Let’s imagine you go to a rock concert. You’re awesome, so you spend all night up front. It’s not exactly hearing-healthy, but it’s fun, and the next day, you wake up with two ringing ears. (That part’s less fun.)
But what if you awaken and can only hear out of one ear? Well, if that’s the situation, the rock concert may not be the culprit. Something else may be at work. And you may be a little alarmed when you experience hearing loss in only one ear.
What’s more, your hearing might also be a little wonky. Usually, your brain is sorting out information from both ears. So it can be disorienting to get signals from one ear only.
Hearing loss in one ear causes issues, this is why
Generally speaking, your ears work together. Your two side facing ears help you hear more accurately, much like how your two front facing eyes help your depth perception. So hearing loss in one ear can wreak havoc. Amongst the most prominent impacts are the following:
- You can have trouble distinguishing the direction of sounds: Someone calls your name, but you have no idea where they are! When your hearing disappears in one ear, it’s really very difficult for your brain to triangulate the origin of sounds.
- When you’re in a noisy setting it becomes very hard to hear: With only one functioning ear, noisy spaces like restaurants or event venues can suddenly become overwhelming. That’s because your ears can’t make heads or tails of where any of that sound is originating from.
- You can’t tell how loud anything is: You need both ears to triangulate location, but you also need both to determine volume. Think about it this way: If you can’t determine where a sound is coming from, it’s difficult to know whether that sound is quiet or just distant.
- Your brain gets tired: When you lose hearing in one of your ears, your brain can get overly tired, extra fast. That’s because it’s failing to get the whole sound range from just one ear so it’s working overly hard to make up for it. And when hearing loss abruptly occurs in one ear, that’s especially true. Normal everyday activities, as a result, will become more taxing.
So what’s the cause of hearing loss in one ear?
“Single sided Hearing Loss” or “unilateral hearing loss” are scientific names for when hearing is muffled on one side. While the more typical type of hearing loss (in both ears) is usually caused by noise-related damage, single-sided hearing loss is not. So, other possible factors need to be considered.
Here are some of the most prevalent causes:
- Ear infections: Ear infections can cause swelling. And this inflammation can block your ear canal, making it extremely hard for you to hear.
- Other infections: One of your body’s most common responses to an infection is to swell up. It’s just what your body does! This reaction isn’t always localized, so any infection that triggers swelling can result in the loss of hearing in one ear.
- Irregular Bone Growth: It’s possible, in extremely rare cases, that hearing loss on one side can be the outcome of abnormal bone growth. This bone can, when it grows in a certain way, hinder your ability to hear.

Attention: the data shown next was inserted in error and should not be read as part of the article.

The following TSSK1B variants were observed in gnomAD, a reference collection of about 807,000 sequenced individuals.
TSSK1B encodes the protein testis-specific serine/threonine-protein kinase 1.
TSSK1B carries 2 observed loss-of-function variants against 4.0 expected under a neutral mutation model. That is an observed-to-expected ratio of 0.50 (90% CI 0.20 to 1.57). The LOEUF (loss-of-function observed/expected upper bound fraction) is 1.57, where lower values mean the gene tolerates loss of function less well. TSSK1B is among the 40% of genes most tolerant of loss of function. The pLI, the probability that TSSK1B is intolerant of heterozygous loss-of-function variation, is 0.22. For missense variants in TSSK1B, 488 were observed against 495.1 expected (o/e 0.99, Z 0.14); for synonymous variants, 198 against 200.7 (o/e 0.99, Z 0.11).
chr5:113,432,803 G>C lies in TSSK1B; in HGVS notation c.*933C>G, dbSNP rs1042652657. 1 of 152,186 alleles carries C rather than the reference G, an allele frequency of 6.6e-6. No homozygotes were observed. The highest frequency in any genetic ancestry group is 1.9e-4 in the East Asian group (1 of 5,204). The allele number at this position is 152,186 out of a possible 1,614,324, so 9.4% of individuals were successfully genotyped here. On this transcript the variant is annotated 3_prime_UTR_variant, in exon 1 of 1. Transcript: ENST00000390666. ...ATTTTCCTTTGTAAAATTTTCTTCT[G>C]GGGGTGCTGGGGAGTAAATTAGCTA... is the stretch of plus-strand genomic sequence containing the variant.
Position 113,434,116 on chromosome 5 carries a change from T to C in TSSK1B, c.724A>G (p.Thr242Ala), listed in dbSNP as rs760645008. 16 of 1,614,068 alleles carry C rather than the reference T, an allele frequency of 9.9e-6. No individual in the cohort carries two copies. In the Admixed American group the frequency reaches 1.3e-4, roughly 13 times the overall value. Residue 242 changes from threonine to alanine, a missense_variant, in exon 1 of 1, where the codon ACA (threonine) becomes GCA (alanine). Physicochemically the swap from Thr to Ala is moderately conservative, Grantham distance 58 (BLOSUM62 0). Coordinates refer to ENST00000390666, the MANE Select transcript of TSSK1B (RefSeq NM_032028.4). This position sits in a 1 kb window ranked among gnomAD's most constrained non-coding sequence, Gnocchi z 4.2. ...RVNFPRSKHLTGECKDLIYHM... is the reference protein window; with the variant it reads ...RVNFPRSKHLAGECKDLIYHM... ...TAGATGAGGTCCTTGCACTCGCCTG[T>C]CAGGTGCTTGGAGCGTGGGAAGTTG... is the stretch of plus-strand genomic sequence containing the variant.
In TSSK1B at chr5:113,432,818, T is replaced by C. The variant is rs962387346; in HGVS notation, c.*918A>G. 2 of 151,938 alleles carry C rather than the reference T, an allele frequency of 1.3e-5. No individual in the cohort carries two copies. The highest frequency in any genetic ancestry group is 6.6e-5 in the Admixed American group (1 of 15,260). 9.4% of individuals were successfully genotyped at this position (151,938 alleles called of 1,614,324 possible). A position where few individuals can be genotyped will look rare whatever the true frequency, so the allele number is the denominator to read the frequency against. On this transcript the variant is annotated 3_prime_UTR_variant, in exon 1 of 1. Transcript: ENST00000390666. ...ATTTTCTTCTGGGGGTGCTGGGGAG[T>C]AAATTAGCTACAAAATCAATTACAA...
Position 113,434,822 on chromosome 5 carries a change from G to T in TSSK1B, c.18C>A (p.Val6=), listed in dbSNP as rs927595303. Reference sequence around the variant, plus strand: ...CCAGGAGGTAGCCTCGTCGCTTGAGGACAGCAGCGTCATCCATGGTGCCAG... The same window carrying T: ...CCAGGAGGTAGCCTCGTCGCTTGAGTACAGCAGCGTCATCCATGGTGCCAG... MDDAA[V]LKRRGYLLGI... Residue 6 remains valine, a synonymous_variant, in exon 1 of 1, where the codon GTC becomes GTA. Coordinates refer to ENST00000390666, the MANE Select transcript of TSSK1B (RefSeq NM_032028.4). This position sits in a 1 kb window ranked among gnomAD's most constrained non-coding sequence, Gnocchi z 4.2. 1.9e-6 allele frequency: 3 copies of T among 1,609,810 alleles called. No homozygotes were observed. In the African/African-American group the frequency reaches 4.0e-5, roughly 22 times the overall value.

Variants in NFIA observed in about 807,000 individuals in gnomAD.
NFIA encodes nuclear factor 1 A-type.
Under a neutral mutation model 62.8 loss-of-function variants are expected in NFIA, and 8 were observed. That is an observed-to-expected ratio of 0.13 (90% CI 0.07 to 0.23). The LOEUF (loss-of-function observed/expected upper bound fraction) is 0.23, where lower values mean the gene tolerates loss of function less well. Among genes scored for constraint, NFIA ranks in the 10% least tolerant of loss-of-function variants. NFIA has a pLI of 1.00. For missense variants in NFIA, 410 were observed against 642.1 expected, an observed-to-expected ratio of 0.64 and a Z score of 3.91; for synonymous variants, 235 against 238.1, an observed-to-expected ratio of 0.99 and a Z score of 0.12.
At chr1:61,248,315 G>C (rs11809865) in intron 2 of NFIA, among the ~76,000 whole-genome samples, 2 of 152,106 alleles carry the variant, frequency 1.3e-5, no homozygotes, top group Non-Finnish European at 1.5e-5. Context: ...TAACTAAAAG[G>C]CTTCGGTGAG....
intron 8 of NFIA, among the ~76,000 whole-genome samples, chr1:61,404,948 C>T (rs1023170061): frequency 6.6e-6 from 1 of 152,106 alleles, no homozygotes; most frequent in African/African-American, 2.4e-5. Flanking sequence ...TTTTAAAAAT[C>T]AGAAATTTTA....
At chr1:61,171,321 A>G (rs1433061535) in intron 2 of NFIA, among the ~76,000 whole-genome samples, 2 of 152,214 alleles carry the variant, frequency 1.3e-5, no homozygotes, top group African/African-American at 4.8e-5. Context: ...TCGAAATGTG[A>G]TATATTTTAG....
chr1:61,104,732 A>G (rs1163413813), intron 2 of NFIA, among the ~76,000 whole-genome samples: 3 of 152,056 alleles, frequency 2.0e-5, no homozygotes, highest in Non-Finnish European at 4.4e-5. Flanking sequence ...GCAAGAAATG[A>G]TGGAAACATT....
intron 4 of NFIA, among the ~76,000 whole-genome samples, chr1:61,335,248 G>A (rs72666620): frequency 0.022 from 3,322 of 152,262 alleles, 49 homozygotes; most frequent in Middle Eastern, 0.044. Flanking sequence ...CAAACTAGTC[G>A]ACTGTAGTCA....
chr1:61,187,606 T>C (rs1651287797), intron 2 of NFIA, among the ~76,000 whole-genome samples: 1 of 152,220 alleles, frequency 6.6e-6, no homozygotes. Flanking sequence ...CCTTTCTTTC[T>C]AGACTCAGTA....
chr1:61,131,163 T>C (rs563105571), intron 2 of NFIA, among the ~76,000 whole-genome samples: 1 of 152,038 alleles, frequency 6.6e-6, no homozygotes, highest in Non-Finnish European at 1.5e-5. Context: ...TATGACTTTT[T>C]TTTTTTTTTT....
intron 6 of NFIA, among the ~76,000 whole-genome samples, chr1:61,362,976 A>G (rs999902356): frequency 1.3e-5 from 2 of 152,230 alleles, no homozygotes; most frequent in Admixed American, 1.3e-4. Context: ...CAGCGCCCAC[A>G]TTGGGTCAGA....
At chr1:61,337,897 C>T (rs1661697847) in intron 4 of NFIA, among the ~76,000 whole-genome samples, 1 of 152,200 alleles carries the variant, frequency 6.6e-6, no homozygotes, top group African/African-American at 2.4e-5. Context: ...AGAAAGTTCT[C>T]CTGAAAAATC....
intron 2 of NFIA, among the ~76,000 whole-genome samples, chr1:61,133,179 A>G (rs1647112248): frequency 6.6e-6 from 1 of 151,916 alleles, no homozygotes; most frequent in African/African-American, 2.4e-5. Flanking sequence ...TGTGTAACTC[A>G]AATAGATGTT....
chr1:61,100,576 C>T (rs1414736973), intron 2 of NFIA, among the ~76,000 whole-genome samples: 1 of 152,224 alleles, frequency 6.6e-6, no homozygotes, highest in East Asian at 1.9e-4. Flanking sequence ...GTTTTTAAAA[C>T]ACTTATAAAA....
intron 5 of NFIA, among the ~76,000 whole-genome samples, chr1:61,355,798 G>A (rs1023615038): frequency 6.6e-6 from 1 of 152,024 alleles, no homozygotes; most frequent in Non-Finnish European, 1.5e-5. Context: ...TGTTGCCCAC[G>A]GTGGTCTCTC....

- Acoustic Neuroma: While the name might sound rather intimidating, an acoustic neuroma is a benign tumor that forms on the nerves of the inner ear. You should still take this condition seriously, even though it isn’t cancerous, it can still be potentially life threatening.
- Ruptured eardrum: A ruptured eardrum will typically be really evident. It can be caused by head trauma, loud noises, or foreign objects in the ear (amongst other things). When the thin membrane dividing your ear canal and your middle ear has a hole in it, this type of injury happens. Usually, tinnitus and hearing loss as well as a lot of pain are the outcomes.
- Earwax: Yes your hearing can be blocked by too much earwax packed in your ear canal. It’s like using an earplug. If this is the case, do not grab a cotton swab. Cotton swabs can push the earwax even further up against the eardrum.
- Meniere’s Disease: When somebody is coping with the degenerative condition known as Menier’s disease, they often experience vertigo and hearing loss. Often, the disease advances asymmetrically: one ear might be impacted before the other. Menier’s disease often comes with single sided hearing loss and ringing.
So… What can I do about my single-sided hearing loss?
Treatment options for single-sided hearing loss will differ based upon the root cause. In the case of specific obstructions (like bone or tissue growths), surgery may be the appropriate option. A ruptured eardrum or similar issues will usually heal on their own. Other problems such as excessive earwax can be easily removed.
In some instances, however, your single-sided hearing loss might be permanent. And in these situations, we will help by prescribing one of two hearing aid solutions:
- CROS Hearing Aid: This kind of specially manufactured hearing aid is primarily made to manage single-sided hearing impairment. With this hearing aid, sound is received at your bad ear and sent to your good ear where it’s detected by your brain. It’s very complex, very cool, and very effective.
- Bone-Conduction Hearing Aids: To help you compensate for being able to hear from one ear only, these hearing aids use your bones to conduct the sound waves to your brain, bypassing most of the ear completely.
Your hearing specialist is where it all starts
There’s probably a good reason why you can only hear out of one ear. It’s not something that should be disregarded. Getting to the bottom of it is essential for hearing and your overall health. So schedule an appointment with us today, so you can start hearing out of both ears again!